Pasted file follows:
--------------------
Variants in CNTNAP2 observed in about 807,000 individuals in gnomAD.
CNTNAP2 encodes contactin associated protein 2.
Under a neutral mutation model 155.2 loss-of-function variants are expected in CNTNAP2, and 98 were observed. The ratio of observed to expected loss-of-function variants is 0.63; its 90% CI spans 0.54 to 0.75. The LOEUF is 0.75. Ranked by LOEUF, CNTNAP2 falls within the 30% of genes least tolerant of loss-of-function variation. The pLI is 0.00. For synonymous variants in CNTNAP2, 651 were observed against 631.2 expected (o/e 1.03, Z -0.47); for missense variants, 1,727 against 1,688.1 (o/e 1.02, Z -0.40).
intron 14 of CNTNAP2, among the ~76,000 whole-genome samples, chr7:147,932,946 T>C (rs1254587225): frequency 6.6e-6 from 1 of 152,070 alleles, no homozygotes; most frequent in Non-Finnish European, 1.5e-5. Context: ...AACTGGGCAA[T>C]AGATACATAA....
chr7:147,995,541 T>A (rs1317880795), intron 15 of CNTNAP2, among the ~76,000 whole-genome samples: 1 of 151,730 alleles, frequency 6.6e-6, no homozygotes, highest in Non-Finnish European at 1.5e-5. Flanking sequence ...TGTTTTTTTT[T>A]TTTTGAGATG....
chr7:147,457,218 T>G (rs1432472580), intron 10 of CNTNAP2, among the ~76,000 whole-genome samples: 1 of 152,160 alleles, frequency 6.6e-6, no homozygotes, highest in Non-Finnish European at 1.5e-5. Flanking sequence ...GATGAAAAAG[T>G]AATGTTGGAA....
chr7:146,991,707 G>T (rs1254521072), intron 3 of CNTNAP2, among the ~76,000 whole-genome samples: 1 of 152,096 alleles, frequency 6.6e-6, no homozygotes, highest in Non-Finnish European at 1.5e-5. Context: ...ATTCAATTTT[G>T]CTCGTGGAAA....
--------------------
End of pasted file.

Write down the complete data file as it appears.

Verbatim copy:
Variants in CNTNAP2 observed in about 807,000 individuals in gnomAD.
CNTNAP2 encodes contactin associated protein 2.
Under a neutral mutation model 155.2 loss-of-function variants are expected in CNTNAP2, and 98 were observed. The ratio of observed to expected loss-of-function variants is 0.63; its 90% CI spans 0.54 to 0.75. The LOEUF is 0.75. Ranked by LOEUF, CNTNAP2 falls within the 30% of genes least tolerant of loss-of-function variation. The pLI is 0.00. For synonymous variants in CNTNAP2, 651 were observed against 631.2 expected (o/e 1.03, Z -0.47); for missense variants, 1,727 against 1,688.1 (o/e 1.02, Z -0.40).
intron 14 of CNTNAP2, among the ~76,000 whole-genome samples, chr7:147,932,946 T>C (rs1254587225): frequency 6.6e-6 from 1 of 152,070 alleles, no homozygotes; most frequent in Non-Finnish European, 1.5e-5. Context: ...AACTGGGCAA[T>C]AGATACATAA....
chr7:147,995,541 T>A (rs1317880795), intron 15 of CNTNAP2, among the ~76,000 whole-genome samples: 1 of 151,730 alleles, frequency 6.6e-6, no homozygotes, highest in Non-Finnish European at 1.5e-5. Flanking sequence ...TGTTTTTTTT[T>A]TTTTGAGATG....
chr7:147,457,218 T>G (rs1432472580), intron 10 of CNTNAP2, among the ~76,000 whole-genome samples: 1 of 152,160 alleles, frequency 6.6e-6, no homozygotes, highest in Non-Finnish European at 1.5e-5. Flanking sequence ...GATGAAAAAG[T>G]AATGTTGGAA....
chr7:146,991,707 G>T (rs1254521072), intron 3 of CNTNAP2, among the ~76,000 whole-genome samples: 1 of 152,096 alleles, frequency 6.6e-6, no homozygotes, highest in Non-Finnish European at 1.5e-5. Context: ...ATTCAATTTT[G>T]CTCGTGGAAA....